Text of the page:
Although countless problems can arise during a construction project, Robbins says that the best tool for dealing with them is a design-build team of architects, engineers and builders working together to resolve and minimize issues.

Grant Clifford, principal-in-charge at GS&P, concurs with his team members. “To be able to do this work as fast as we did, it really had to be through a design-build process,” he says. “The airport, contractor and designer have to work hand-in-hand.”

The TPA team discussed phasing and scheduling extensively, much to the benefit of the bottom line, he adds. “Having a team that knows how to do that is vital, because 1) you need to have a plan to keep the airport opened normally and 2) if you don’t have a plan, how do you bid the work and get a fair price? You have to create a fair environment for the sub-contractors,” Clifford emphasizes. 

Savings derived from using the design-build process was used to fund a new art gallery located in a long, linear space that connects TPA’s main terminal and the adjoining Marriott Hotel. The idea for the new feature began when Chris Minner, the airport’s vice president of marketing, asked GS&P to create a space to showcase the Tony Jannus Trophy and travelling art exhibits.

The Jannus Award commemorates the first commercial flight in the United States, piloted by Tony Jannus in 1914 between St. Petersburg and Tampa, FL, explains Clifford. TPA’s new gallery allowed it to commemorate the flight’s 100th anniversary last year with a lasting tribute. 

“We were somewhat apprehensive about showing such a significant design to the airport, not knowing if there was the budget and if the desire was to truly build a gallery or a trophy case,” Clifford recalls. “The airport loved the design for the gallery and set about finding the funds to build the gallery, which would become another community gem for thousands of local school children and travelers connecting to and from the terminal.”

Two large 3-D models of the airport have become the focal point of the gallery’s master plan section.

Doing More With Less

Clifford summarizes the overall results of TPA’s modernization project as “lifting the face of the facility” — both aesthetically and technologically.

“The terminal was starting to show some age,” he relates. “And for the scale of this airport, it was a relatively small project in terms of dollars spent.” (GS&P is also currently involved with the airport’s longer-term billion-dollar expansion project.)

During the recently completed modernization project, engineers and designers had to overcome about 20 structural conditions, but the most challenging obstacle was installing the glass handrails around the terminal’s escalators, says Clifford. The banks had to be shut down one at a time to replace the stone walls with new glass material.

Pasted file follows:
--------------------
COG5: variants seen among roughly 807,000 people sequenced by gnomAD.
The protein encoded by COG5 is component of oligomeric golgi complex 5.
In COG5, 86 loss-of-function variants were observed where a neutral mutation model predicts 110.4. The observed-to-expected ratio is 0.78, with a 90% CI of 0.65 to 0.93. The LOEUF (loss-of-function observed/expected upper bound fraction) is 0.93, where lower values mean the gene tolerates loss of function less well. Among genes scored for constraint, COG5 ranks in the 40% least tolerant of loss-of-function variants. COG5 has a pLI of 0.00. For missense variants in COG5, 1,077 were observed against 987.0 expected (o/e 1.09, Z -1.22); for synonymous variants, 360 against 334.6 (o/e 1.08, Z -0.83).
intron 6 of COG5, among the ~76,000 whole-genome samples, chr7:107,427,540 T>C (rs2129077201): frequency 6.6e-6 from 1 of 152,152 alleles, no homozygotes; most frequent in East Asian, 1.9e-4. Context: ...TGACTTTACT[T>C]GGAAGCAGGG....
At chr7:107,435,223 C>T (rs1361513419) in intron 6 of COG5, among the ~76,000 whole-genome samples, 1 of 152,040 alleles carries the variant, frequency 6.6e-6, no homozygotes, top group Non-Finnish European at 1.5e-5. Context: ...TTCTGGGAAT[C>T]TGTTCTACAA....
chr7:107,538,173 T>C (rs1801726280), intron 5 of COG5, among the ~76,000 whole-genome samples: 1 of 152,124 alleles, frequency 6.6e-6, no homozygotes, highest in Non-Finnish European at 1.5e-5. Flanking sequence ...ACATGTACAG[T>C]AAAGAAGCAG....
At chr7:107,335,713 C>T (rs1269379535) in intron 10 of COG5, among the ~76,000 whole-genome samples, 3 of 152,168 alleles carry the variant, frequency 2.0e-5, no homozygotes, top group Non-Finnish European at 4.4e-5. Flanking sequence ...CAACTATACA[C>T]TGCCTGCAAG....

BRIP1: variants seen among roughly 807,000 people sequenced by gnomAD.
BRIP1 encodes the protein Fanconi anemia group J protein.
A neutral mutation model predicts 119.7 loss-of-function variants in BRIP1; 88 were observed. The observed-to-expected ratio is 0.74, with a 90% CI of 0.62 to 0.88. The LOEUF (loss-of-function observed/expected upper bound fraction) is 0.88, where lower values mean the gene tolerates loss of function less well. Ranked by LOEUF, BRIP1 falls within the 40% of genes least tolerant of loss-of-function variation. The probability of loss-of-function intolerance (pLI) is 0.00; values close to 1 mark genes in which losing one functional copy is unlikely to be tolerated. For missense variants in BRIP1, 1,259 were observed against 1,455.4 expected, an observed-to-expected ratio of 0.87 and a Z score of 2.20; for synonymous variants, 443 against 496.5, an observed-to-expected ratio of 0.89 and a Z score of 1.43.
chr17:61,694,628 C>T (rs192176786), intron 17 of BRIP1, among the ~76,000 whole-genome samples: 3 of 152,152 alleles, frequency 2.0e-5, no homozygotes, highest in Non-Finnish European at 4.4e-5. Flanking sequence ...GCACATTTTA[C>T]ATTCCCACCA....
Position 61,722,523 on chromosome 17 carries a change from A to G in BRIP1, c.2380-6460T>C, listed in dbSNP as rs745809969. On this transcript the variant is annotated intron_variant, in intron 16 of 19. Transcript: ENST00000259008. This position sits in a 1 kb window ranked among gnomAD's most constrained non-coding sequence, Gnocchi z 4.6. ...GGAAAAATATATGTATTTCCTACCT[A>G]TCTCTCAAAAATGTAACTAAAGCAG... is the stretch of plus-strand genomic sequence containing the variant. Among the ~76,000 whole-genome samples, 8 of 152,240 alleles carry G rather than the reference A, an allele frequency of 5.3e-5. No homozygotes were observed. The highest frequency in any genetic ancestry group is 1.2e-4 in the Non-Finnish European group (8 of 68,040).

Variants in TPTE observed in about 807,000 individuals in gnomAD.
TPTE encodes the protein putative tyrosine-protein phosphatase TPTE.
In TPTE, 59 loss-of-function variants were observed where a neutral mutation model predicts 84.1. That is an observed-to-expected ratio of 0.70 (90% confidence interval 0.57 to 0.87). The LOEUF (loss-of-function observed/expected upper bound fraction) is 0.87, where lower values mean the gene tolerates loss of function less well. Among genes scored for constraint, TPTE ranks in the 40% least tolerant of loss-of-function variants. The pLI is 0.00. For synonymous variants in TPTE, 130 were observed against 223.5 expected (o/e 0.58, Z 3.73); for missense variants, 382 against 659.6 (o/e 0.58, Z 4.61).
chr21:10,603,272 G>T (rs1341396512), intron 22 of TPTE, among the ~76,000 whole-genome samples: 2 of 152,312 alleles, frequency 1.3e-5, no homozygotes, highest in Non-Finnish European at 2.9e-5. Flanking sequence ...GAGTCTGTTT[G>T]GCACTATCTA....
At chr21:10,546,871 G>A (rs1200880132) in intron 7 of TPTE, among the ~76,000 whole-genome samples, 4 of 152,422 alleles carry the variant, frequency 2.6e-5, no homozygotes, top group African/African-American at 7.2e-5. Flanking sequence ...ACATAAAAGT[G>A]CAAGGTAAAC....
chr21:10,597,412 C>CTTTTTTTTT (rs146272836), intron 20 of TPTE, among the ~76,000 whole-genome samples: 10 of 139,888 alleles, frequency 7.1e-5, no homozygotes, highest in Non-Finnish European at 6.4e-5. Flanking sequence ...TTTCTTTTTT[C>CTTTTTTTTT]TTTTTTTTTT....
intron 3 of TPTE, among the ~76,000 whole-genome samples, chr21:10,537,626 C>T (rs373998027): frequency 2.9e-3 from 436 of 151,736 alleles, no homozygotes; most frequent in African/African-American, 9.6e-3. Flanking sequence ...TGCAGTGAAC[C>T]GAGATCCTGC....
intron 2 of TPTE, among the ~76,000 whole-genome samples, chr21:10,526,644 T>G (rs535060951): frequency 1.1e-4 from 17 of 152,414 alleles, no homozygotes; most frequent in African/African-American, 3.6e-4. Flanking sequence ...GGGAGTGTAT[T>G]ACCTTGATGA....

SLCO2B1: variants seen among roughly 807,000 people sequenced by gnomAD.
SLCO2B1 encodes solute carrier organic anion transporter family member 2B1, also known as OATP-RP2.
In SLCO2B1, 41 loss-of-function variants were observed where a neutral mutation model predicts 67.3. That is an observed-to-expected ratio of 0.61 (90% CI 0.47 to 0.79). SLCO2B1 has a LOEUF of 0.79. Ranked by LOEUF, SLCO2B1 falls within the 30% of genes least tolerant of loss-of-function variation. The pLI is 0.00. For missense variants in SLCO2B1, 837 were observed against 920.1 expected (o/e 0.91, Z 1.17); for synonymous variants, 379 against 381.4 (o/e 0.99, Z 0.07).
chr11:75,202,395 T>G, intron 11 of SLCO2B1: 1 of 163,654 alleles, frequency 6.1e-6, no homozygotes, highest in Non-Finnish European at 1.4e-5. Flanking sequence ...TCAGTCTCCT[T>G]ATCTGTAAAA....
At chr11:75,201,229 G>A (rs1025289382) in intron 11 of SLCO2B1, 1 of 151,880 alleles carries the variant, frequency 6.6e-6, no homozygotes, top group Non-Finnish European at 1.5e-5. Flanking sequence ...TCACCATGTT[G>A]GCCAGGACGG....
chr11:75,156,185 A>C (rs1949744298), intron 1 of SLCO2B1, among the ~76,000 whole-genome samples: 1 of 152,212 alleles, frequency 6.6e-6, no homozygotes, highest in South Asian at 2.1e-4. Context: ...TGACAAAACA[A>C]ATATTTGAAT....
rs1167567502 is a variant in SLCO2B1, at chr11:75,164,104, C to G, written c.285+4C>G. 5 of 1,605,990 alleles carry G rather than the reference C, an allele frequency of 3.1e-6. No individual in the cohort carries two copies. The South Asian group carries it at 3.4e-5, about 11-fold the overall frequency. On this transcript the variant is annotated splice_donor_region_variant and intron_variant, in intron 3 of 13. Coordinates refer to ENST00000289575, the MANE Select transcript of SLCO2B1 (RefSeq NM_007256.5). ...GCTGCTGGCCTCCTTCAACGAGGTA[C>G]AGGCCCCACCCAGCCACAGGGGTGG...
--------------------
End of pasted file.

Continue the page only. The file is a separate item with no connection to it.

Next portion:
Robbins agrees with Clifford’s pick: “Many of the evening construction zones turned into the main corridors for the public during the day; so it was paramount to maintain coordination, phasing and communication.”

One of the toughest aspects of the process was relaying extensive coordination instructions to the night crew, he explains. To help bridge the gap, DPR deployed a swing shift employee, who worked half of his shift during the day and the other half at night. This helped ensure consistent communication, explains Robbins.  

After working with TPA for so long, Clifford notes that the community surrounding Tampa’s main airport is very vested in it. “Anyone would be happy to tell you it’s one of the best in the world,” he reports. “We’re not only enhancing the customer experience, we’re also giving something back to the community every time we work on it. We live and work here, too; so we’re just as vested.”

New USO Lounge Gives Military Travelers a Warm Tampa Welcome


Adding a United Service Organization (USO) Welcome Center at Tampa International (TPA) was important to Chief Executive Officer Joe Lopano from the very beginning of the airport’s terminal modernization program. And with help from its main contractor, DPR Construction, TPA was able to renovate a former airline ticketing office into a new lounge for active and retired military travelers and their families.

“Our board was behind it 100 percent,” recalls Jeff Siddle, assistant vice-president of Planning and Development with the Hillsborough County Aviation Authority. “It was very exciting. Our community rallied behind this; we just provided the space and constructed it for them at no cost.”

DPR, in turn, donated $13,000 from funds raised at its annual charity golf tournament. “We at DPR view USO as an integral part of the community,” explains Brian Robbins, project manager with the firm.

As home to MacDill Air Force Base, Tampa has a strong military presence and spirit, notes Grant Clifford, principal-in-charge at Gresham, Smith and Partners. While the new USO center will serve military travelers for years to come, it’s especially important now, because MacDill has served as the command center for the wars in the Middle East, notes Clifford.

TPA’s new USO lounge provides a private place for military personnel and their families to relax when traveling through the airport. Its amenities include free Internet, television, a reading room, and complimentary food and drinks. 

 

 

Subcategory: 
Terminals